... or, Liturgical Music: Finding Hymnody to Enlighten the Mind and Lift the Soul
Having been a Seminarian for the Archdiocese of Saint Louis—an Archdiocese with great diversity in liturgical music, priestly ministry, and culture—I have had a great variety of liturgical experiences. Also, being a young adult with twenty-four years of musical listening habits under my belt, I've listened to a wide variety of genres, most especially alternative, classical, and pop music (with a bit of country music thrown in on the side). My most consistent favorite is soundtrack music (which can incorporate many of these styles in a single album).
A project on which I am proud to have worked is the recording and mastering of an album (pictured above) for a Seminarian rock band—I helped with everything besides the musical talent. (You can buy the album, Lost in Ecstasy, by the Priestie Boyz, on CDBaby or iTunes). I also had the privilege to work in radio engineering for five radio stations over the course of five years—two pop stations, one soft rock, and two AM/talk radio stations.
These experiences recently came to my mind simultaneously as I attended a youth-oriented Mass, at which many liturgical hymns (published in OCP) were sung with the accompaniment of two guitars, a drum set, and some percussion instruments.
In my analytical mind, I was using my mind's waveform analyzer (didn't know I had one of those until now!) to 'see' the music. What I saw made me think quite a bit about the different genres of music, and different purposes of music—especially liturgical music. In particular, I thought about the efficacy of different styles of music in worship, and how fitting (or unfitting) are different styles, especially for different audiences.
Popular Music: It Keeps Getting Louder
While working on the mastering stage of the Lost in Ecstasy CD, I began reading as many articles (both online and in print) as I could about the art of mastering, and how to make an album (CD, actually) that is fitting for the genre. For rock, pop, hip hop, R&B, and most modern formats, that means compression. Compression basically takes something that's pretty loud, and makes it as loud as is physically possible, using the medium on which it is distributed (be it a CD, tape, Album, radio, etc.).
Over time, even as technologies are created that allow us to have more nuanced and 'rich' music, music has become more and more compressed, and has much less dynamic range (amount of change between quiet and loud parts). There is a great article discussing this phenomenon posted on George Graham's website: A Recording Engineer's Plea for Dynamic Range. From that article:
"With the pop music business having become very competitive, a myth arose among producers and record companies that the way to get one's record to stand out (in the competition for airplay) was to make it as loud as possible."
In the older days of sound recording, albums and analog tape didn't have a lot of dynamic range, because of the physical limitations of the media. Fortunately, this wasn't a huge problem, because recordings were made more for musical enjoyment and relaxation, rather than for multi-platinum album sales and high chart rankings.
As time went on, recording and playback technologies improved, but sound mixing and mastering engineers found that the loudest and most in-your-face sound (even for relatively tame songs) were able to attract the most album sales, especially through radio play. (In my time working with various radio stations, I have found that all the stations applied extra compression to the music before it was broadcast; usually quite a bit!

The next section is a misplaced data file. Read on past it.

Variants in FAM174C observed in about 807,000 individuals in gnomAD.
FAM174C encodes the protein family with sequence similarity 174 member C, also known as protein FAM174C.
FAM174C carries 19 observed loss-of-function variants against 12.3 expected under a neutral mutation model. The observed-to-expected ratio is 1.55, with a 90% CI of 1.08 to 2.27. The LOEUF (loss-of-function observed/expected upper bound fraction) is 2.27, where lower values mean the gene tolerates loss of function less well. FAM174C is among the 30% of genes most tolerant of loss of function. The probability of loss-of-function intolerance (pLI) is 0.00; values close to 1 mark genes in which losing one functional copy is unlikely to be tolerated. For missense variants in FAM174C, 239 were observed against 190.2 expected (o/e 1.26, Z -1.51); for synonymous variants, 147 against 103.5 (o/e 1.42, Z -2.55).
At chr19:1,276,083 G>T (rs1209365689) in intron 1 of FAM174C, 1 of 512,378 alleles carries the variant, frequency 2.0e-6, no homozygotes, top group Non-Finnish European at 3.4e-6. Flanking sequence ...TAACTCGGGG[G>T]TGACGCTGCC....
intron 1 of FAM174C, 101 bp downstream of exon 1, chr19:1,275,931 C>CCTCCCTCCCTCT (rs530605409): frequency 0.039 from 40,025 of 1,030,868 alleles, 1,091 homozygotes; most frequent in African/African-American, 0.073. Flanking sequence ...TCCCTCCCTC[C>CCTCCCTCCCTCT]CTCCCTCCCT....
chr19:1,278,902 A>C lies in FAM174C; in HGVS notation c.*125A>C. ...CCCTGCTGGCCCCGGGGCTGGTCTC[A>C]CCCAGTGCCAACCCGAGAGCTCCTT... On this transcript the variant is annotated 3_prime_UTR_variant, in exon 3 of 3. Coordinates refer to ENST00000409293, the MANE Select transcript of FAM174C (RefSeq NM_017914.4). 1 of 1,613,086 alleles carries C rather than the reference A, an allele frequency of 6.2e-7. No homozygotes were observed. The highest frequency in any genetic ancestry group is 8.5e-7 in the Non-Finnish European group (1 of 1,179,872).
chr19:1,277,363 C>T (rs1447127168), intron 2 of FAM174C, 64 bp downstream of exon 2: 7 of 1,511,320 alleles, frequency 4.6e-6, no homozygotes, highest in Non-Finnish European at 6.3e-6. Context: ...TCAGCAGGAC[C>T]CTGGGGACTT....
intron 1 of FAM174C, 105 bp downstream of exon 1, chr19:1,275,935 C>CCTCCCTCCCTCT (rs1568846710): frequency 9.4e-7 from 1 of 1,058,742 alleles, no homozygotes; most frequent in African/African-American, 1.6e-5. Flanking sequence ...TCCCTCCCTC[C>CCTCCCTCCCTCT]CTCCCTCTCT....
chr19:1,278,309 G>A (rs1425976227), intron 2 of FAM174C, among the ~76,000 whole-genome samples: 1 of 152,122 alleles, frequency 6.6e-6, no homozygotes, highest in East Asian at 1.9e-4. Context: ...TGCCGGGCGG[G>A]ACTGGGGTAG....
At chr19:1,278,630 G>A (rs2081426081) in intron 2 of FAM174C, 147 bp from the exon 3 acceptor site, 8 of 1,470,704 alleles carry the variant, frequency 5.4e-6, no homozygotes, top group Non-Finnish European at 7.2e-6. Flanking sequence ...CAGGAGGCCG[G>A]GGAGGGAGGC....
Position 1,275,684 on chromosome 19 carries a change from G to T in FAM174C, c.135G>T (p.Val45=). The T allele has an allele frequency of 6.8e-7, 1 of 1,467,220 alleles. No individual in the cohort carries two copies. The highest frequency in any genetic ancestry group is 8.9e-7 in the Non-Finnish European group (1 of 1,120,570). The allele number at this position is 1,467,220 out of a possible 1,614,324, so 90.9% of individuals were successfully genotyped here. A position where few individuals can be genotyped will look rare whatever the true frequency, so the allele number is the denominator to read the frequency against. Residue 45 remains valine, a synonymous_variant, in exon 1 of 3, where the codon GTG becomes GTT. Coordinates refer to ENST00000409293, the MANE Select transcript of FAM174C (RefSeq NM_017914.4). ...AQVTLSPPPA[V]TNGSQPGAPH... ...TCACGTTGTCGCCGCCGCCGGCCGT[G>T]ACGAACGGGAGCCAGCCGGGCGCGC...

Therefore, we find the progression of loudness of popular songs from the mid-twentieth century to today. In the waveforms below, I show, visually, the loudness and sustained volume of different songs, in a progression over time:
Fly Me to the Moon (Frank Sinatra - 1964)
Wipeout (The Beach Boys - 1962) - A relatively loud song for its day
Don't Stop Believin' (Journey - 1981) - The rock n' roll era is in full swing
Party in the U.S.A. (Miley Cyrus - 2009) - Is there any dynamic range left? Maybe a little.
It is rather obvious (I've viewed many different songs by waveform—not just these three) that the twentieth century (and now the twenty-first) has seen the loss of musical nuance, and musicians, engineers, and the general public are instead favoring loudness and beat-driven music.
You can see definite separation in the music of the chorus and intro from the body. But that's about it. Verse-refrain-verse-refrain, ad nauseam. There are few pop/rock/modern songs that break this form.
For comparison, here is a view of silence, then one of pure noise:
Is This a Bad Thing? No, but It is not the Best Thing
Some would argue that all this compressed and hard-hitting music is evil, bad, horrible, and bad for the public. I disagree; I think it has its merits: it's easy to digest, fun to hear, and good for dancing. Many songs have horrible lyrics, but the style and loudness is not inherently evil.
I would argue, though, that there is plenty of room for other/better musical selections and genres, most especially classical and jazz. I view it like this: In one's musical journey, it is easy to begin with songs that have a sustained rhythm and one level of loudness. That is pop, hip hop, rock, alternative, etc.
But as one continues on the journey of musical enlightenment, one realizes there's a heck of a lot being missed: there are something like 96-100 decibels of volume unexplored. There are thousands of instruments, hundreds of time signature and rhythm combinations, and literally millions of songs unexplored. There is a whole world of music for the enlightened listener—music that begins to move the soul, and not just the body!